Dr Sarah Jarvis has been a GP for 30 years. She’s a completely independent expert in coughs. Got a burning question? She has the answers!
Dr Sarah Jarvis does not endorse any medical brands or products.
ANNOUNCEMENT: SELF-PITY IS NOT GOOD FOR WHEN YOU’RE ILL. But, don’t let us decide that for you. Dr Sarah Jarvis is a health and cough specialist. She’ll lay out all of the points for you in the following video. Then, you can decide whether you still want to mope around or if you want to take your cough head on.
Self-pity and feeling sorry for yourself when you’re ill isn’t going to help speed up your recovery. If you’re experiencing self-pity it can actually make you feel less in control and in turn makes you feel more stressed, this cycle can make your symptoms feel much worse.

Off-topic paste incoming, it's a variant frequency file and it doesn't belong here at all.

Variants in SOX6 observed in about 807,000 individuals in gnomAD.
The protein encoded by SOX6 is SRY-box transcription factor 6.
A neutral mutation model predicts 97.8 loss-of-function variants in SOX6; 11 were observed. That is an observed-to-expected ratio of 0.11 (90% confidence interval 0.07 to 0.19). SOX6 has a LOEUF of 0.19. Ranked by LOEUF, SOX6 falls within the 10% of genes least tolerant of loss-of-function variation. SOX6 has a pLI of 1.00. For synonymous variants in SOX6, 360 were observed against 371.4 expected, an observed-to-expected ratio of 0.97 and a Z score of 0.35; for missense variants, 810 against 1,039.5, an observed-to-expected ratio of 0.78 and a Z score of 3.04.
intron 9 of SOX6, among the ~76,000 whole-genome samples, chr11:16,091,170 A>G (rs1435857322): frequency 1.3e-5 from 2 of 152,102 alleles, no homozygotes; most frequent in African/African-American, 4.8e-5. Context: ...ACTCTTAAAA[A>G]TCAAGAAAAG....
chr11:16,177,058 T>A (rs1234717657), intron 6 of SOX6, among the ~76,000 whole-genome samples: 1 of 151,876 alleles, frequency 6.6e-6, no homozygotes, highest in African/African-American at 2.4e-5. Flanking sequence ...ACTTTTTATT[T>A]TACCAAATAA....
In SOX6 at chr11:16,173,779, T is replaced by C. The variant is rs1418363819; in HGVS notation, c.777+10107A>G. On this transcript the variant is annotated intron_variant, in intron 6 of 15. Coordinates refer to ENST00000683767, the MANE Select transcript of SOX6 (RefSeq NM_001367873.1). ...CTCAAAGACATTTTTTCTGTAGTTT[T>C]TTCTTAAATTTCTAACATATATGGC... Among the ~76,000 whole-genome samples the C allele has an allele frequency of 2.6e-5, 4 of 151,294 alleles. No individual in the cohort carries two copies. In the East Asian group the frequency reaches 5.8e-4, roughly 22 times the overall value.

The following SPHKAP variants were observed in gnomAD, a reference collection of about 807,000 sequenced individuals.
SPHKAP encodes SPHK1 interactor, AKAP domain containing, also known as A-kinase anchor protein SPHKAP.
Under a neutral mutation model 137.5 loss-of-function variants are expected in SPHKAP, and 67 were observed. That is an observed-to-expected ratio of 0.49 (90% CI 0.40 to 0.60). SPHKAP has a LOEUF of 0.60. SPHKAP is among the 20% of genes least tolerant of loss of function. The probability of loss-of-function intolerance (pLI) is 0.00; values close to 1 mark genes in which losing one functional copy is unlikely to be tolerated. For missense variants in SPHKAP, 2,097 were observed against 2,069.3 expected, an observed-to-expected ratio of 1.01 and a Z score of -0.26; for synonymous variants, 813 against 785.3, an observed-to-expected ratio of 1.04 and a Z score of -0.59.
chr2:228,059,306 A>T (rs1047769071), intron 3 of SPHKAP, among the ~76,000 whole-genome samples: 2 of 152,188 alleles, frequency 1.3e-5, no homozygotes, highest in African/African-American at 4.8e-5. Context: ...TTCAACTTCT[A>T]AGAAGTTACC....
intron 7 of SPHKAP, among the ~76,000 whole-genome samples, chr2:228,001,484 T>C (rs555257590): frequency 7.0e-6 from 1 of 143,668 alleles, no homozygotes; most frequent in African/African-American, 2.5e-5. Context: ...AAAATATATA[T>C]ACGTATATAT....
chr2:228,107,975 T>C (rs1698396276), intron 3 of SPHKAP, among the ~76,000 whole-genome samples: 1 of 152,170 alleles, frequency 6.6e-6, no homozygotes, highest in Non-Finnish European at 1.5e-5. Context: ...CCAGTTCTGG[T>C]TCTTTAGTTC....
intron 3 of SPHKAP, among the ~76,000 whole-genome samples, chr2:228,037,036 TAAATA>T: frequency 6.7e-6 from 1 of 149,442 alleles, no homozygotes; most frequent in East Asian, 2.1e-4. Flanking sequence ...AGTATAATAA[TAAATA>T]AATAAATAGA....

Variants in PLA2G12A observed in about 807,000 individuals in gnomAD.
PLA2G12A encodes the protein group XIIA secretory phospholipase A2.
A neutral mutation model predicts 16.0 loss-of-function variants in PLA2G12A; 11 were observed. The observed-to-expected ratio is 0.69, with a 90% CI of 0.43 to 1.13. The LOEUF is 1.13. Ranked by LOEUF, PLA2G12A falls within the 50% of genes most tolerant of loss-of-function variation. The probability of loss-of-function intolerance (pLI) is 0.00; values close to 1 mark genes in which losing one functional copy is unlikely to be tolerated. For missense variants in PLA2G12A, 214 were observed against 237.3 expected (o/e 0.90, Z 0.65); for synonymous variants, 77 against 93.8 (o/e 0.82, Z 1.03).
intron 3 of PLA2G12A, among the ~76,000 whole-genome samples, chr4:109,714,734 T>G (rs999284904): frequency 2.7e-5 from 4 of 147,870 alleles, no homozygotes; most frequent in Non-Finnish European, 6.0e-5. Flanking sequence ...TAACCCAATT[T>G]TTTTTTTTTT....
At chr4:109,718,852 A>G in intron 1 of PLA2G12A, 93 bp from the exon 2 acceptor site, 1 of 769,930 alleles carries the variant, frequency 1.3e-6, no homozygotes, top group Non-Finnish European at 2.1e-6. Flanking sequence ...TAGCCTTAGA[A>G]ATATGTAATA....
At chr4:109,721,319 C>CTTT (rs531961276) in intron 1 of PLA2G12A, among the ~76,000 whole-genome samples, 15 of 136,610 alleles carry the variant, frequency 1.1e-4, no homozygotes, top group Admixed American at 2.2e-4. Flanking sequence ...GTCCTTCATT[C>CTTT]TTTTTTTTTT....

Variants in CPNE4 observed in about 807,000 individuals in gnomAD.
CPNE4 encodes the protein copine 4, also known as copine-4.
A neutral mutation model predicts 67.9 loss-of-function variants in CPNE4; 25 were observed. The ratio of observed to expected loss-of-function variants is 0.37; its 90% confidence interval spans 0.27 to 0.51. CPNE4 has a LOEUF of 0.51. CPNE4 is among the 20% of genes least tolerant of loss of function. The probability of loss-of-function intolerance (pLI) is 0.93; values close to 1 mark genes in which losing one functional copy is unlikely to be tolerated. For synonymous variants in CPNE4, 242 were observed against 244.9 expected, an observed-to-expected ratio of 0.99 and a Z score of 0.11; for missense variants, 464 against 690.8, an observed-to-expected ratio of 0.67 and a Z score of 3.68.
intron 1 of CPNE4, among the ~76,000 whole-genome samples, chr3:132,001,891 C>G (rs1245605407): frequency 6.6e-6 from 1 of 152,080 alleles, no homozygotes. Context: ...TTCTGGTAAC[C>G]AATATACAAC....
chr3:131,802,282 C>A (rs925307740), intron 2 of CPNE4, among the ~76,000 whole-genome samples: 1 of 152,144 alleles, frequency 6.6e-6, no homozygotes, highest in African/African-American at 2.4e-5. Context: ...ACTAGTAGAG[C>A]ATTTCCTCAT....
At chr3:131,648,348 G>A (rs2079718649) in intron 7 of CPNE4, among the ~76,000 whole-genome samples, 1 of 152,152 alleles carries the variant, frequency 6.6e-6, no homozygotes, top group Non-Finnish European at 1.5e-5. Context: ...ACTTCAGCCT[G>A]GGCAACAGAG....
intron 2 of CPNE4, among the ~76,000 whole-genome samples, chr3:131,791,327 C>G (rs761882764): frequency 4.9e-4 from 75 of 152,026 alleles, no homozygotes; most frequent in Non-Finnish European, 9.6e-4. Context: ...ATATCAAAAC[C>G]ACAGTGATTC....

It’s important to feel in control to avoid ‘learned helplessness’. According to the American Psychological Association this occurs when someone repeatedly faces uncontrollable, stressful situations and then does not exercise control when it becomes available. This results in the person feeling they cannot control events around them and losing motivation.
Naturally, when people feel self-pity whilst ill like this it can also lead to huddling up in front of the television, duvet wrapped around you, central heating on full blast and all the windows closed. Which as previously discussed, is not the best thing for taking on your cough.
So, the best thing to do is to get in control, grab your cough by the horns and get in charge. Another suggestion is to get a treatment that will relieve your symptoms and help you get through it while your body fights it off.
Finally, don’t feel sorry for yourself.